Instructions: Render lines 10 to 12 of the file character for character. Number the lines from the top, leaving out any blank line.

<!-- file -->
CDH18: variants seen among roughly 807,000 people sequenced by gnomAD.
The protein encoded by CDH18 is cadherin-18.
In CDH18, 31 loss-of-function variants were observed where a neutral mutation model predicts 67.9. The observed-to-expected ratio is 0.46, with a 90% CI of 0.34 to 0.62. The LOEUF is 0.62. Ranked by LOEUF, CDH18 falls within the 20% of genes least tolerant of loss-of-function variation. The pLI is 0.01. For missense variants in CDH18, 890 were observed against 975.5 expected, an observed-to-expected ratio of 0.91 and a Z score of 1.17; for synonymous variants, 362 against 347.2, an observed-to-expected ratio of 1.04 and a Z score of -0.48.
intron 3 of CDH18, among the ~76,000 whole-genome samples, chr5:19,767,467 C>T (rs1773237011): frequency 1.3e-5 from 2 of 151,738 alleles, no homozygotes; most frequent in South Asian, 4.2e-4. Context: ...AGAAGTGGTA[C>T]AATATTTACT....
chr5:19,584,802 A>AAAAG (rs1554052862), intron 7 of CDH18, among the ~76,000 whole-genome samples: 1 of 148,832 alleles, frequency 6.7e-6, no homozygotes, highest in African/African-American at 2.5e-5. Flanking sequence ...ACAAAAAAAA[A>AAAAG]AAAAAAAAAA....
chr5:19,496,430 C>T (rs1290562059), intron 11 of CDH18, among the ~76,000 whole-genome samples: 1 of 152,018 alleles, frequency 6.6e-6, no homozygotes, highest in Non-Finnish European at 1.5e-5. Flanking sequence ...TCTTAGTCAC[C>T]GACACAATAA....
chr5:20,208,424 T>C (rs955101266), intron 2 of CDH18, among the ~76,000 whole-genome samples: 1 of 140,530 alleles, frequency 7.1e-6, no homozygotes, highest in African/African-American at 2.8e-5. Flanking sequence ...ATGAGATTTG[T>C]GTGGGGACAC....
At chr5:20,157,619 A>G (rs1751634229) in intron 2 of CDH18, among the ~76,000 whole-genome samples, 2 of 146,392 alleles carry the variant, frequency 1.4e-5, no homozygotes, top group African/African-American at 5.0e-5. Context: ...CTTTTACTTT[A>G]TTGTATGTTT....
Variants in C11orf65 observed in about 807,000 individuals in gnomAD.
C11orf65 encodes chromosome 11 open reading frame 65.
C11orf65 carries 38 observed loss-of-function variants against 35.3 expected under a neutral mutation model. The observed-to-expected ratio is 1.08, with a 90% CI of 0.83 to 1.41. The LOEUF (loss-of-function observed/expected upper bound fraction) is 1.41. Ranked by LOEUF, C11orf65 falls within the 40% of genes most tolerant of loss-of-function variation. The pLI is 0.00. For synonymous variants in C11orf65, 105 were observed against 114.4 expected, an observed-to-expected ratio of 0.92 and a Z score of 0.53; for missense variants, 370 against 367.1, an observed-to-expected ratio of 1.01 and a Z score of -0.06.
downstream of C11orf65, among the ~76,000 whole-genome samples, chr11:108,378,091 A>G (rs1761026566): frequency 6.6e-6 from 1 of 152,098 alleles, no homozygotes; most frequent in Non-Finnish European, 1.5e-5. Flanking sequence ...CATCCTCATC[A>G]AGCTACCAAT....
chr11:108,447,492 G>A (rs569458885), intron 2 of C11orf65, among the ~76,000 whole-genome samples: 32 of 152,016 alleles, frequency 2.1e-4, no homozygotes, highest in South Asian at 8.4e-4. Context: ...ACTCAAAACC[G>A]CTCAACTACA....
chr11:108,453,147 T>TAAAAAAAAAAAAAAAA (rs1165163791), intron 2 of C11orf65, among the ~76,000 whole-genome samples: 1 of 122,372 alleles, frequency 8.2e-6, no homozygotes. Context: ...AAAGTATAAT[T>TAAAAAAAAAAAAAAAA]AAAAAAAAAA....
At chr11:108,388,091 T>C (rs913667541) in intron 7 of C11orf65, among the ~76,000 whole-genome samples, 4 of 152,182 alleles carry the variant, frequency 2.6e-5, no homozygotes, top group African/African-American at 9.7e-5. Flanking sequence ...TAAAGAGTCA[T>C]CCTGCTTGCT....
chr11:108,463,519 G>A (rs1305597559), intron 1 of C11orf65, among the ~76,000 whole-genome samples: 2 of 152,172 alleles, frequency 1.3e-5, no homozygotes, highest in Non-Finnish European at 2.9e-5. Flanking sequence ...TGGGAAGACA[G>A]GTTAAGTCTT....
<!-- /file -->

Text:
C11orf65 encodes chromosome 11 open reading frame 65.
C11orf65 carries 38 observed loss-of-function variants against 35.3 expected under a neutral mutation model. The observed-to-expected ratio is 1.08, with a 90% CI of 0.83 to 1.41. The LOEUF (loss-of-function observed/expected upper bound fraction) is 1.41. Ranked by LOEUF, C11orf65 falls within the 40% of genes most tolerant of loss-of-function variation. The pLI is 0.00. For synonymous variants in C11orf65, 105 were observed against 114.4 expected, an observed-to-expected ratio of 0.92 and a Z score of 0.53; for missense variants, 370 against 367.1, an observed-to-expected ratio of 1.01 and a Z score of -0.06.
downstream of C11orf65, among the ~76,000 whole-genome samples, chr11:108,378,091 A>G (rs1761026566): frequency 6.6e-6 from 1 of 152,098 alleles, no homozygotes; most frequent in Non-Finnish European, 1.5e-5. Flanking sequence ...CATCCTCATC[A>G]AGCTACCAAT....